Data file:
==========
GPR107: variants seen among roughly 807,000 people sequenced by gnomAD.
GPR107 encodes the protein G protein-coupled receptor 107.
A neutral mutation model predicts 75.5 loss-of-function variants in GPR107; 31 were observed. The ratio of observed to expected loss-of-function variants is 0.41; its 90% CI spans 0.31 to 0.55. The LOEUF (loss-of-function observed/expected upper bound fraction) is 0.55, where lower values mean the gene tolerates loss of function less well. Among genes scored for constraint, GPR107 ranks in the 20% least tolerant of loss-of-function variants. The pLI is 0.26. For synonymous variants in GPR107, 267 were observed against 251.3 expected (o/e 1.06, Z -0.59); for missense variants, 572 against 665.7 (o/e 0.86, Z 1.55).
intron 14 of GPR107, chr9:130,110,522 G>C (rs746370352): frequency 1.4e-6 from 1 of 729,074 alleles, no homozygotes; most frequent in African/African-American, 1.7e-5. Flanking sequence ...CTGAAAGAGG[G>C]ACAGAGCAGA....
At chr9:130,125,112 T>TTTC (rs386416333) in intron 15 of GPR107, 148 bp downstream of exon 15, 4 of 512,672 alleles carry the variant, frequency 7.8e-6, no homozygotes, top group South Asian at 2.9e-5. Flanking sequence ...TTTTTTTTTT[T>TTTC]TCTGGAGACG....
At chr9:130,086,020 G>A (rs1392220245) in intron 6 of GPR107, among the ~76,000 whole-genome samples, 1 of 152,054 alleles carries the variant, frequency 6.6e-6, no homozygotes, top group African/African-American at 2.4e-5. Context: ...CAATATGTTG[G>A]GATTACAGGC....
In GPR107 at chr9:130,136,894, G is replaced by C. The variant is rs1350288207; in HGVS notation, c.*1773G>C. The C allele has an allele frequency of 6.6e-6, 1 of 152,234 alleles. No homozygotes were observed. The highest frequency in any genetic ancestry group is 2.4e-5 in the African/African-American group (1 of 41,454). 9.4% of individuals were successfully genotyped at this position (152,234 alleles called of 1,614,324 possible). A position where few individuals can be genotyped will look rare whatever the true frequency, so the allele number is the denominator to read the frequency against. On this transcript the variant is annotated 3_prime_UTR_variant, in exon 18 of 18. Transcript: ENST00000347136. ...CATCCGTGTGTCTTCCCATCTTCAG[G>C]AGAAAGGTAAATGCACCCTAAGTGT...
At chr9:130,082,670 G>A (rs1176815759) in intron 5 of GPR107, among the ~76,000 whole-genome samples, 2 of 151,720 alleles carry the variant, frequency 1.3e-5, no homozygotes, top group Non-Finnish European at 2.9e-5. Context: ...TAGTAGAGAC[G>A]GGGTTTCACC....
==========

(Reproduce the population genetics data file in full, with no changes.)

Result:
GPR107: variants seen among roughly 807,000 people sequenced by gnomAD.
GPR107 encodes the protein G protein-coupled receptor 107.
A neutral mutation model predicts 75.5 loss-of-function variants in GPR107; 31 were observed. The ratio of observed to expected loss-of-function variants is 0.41; its 90% CI spans 0.31 to 0.55. The LOEUF (loss-of-function observed/expected upper bound fraction) is 0.55, where lower values mean the gene tolerates loss of function less well. Among genes scored for constraint, GPR107 ranks in the 20% least tolerant of loss-of-function variants. The pLI is 0.26. For synonymous variants in GPR107, 267 were observed against 251.3 expected (o/e 1.06, Z -0.59); for missense variants, 572 against 665.7 (o/e 0.86, Z 1.55).
intron 14 of GPR107, chr9:130,110,522 G>C (rs746370352): frequency 1.4e-6 from 1 of 729,074 alleles, no homozygotes; most frequent in African/African-American, 1.7e-5. Flanking sequence ...CTGAAAGAGG[G>C]ACAGAGCAGA....
At chr9:130,125,112 T>TTTC (rs386416333) in intron 15 of GPR107, 148 bp downstream of exon 15, 4 of 512,672 alleles carry the variant, frequency 7.8e-6, no homozygotes, top group South Asian at 2.9e-5. Flanking sequence ...TTTTTTTTTT[T>TTTC]TCTGGAGACG....
At chr9:130,086,020 G>A (rs1392220245) in intron 6 of GPR107, among the ~76,000 whole-genome samples, 1 of 152,054 alleles carries the variant, frequency 6.6e-6, no homozygotes, top group African/African-American at 2.4e-5. Context: ...CAATATGTTG[G>A]GATTACAGGC....
In GPR107 at chr9:130,136,894, G is replaced by C. The variant is rs1350288207; in HGVS notation, c.*1773G>C. The C allele has an allele frequency of 6.6e-6, 1 of 152,234 alleles. No homozygotes were observed. The highest frequency in any genetic ancestry group is 2.4e-5 in the African/African-American group (1 of 41,454). 9.4% of individuals were successfully genotyped at this position (152,234 alleles called of 1,614,324 possible). A position where few individuals can be genotyped will look rare whatever the true frequency, so the allele number is the denominator to read the frequency against. On this transcript the variant is annotated 3_prime_UTR_variant, in exon 18 of 18. Transcript: ENST00000347136. ...CATCCGTGTGTCTTCCCATCTTCAG[G>C]AGAAAGGTAAATGCACCCTAAGTGT...
At chr9:130,082,670 G>A (rs1176815759) in intron 5 of GPR107, among the ~76,000 whole-genome samples, 2 of 151,720 alleles carry the variant, frequency 1.3e-5, no homozygotes, top group Non-Finnish European at 2.9e-5. Context: ...TAGTAGAGAC[G>A]GGGTTTCACC....